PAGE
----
UAC. It’s an acronym that many parents of Year 12 students in New South Wales (NSW) and the Australian Capital Territory (ACT) will have heard a lot. Whether from a teacher at your child’s school or from your own teenager, UAC tends to be on everyone’s lips during this school year. Here’s everything you need to know about getting into uni through UAC.
UAC is there to help your child apply for the university course that most ignites their passion. However, from the outside the UAC process can be a little intimidating.
What is UAC?
The term ‘UAC’ stands for the Universities Admissions Centre, a not-for-profit organisation that administers applications to study at participating universities, primarily located in NSW and the ACT. This centralised system allows your child to apply to university, choose their preferred courses, receive their ATAR and make a decision on where to attend based on the offers universities send them through UAC.
It’s pretty much a one-stop shop for your child’s university application. UAC allows your child to:
- apply for university courses
- list their preferences when it comes to courses
- apply for different offer rounds
- apply for assistance and access schemes.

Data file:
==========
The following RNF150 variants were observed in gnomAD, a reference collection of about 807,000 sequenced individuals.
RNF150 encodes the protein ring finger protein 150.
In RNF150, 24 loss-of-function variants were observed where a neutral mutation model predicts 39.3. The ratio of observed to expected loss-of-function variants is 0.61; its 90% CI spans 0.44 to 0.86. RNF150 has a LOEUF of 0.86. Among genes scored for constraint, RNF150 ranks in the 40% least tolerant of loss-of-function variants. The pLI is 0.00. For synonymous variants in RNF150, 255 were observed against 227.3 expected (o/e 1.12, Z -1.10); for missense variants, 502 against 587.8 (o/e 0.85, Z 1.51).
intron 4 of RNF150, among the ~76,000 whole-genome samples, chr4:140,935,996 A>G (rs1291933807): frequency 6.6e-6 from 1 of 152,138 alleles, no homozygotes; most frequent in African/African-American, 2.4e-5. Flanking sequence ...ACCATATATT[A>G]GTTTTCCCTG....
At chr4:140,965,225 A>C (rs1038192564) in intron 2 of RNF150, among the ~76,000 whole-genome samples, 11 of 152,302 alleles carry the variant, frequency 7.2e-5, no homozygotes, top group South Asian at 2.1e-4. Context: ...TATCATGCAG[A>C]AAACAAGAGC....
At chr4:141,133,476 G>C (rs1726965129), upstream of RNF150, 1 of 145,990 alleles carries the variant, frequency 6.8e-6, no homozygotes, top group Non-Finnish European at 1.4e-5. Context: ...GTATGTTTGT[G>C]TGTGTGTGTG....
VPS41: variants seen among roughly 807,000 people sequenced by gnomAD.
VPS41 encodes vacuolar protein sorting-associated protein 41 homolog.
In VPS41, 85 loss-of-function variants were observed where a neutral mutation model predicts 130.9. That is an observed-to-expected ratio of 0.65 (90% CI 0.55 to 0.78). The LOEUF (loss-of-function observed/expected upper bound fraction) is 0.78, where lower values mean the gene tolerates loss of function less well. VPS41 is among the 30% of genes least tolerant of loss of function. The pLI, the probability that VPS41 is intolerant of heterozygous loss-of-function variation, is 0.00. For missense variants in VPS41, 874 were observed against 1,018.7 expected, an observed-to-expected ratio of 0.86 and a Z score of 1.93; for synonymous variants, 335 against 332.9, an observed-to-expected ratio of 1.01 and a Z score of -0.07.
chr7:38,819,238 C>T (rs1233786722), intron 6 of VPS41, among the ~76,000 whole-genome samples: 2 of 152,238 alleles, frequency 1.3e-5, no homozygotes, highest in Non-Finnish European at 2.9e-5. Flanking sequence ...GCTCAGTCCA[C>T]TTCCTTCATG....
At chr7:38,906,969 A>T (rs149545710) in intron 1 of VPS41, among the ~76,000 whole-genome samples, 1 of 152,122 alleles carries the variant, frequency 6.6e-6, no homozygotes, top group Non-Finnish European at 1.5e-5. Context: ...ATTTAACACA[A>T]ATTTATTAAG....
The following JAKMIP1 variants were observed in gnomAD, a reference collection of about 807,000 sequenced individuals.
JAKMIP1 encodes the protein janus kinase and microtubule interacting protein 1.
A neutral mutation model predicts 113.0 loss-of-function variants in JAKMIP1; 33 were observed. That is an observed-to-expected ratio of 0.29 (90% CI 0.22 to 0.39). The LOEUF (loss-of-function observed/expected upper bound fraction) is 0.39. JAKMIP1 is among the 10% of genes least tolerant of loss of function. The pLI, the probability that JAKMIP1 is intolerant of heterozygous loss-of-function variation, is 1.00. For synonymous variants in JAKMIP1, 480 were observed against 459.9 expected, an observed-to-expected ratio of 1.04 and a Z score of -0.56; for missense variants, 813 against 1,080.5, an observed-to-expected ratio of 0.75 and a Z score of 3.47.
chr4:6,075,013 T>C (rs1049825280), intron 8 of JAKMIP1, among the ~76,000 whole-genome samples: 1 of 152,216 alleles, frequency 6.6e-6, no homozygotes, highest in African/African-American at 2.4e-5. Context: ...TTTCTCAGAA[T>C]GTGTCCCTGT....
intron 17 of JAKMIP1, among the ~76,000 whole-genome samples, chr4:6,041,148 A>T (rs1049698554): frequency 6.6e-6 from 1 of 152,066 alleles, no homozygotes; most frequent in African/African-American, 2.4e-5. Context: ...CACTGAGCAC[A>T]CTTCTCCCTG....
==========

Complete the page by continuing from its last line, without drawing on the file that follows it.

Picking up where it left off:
Let’s take a look at these in a little more depth.
How preferences work
When your child applies to get into university through UAC, they can list up to five course preferences. While not strictly necessary, it’s a good idea to list preferences in the order your child would most like to be considered for. Your child can add, delete or change the order of their preferences at any time before offers are made using UAC’s Manage your application system. Each round of UAC offers has a preference closing date after which changes can’t be made.
Each course will have eligibility criteria. Once your child gets their Year 12 results (or before; see SRS below), they will be offered a place on the highest preference for which they have met the criteria. A student can only receive one offer per round.
How offer rounds work
UAC has a number of offer rounds throughout the year, and your child can apply at any time. Their application will remain valid throughout the admissions period and they can change their preferences for courses starting later in the year.
However, the key rounds for Year 12 students tend to be December Round 2, January Round 1 and January Round 2, because these rounds of offers occur after the ATARs are released. So this is when most Year 12 applicants receive their offers to study at university.
Earlier rounds of offers tend to be for early entry schemes, such as Schools Recommendation Schemes (SRS).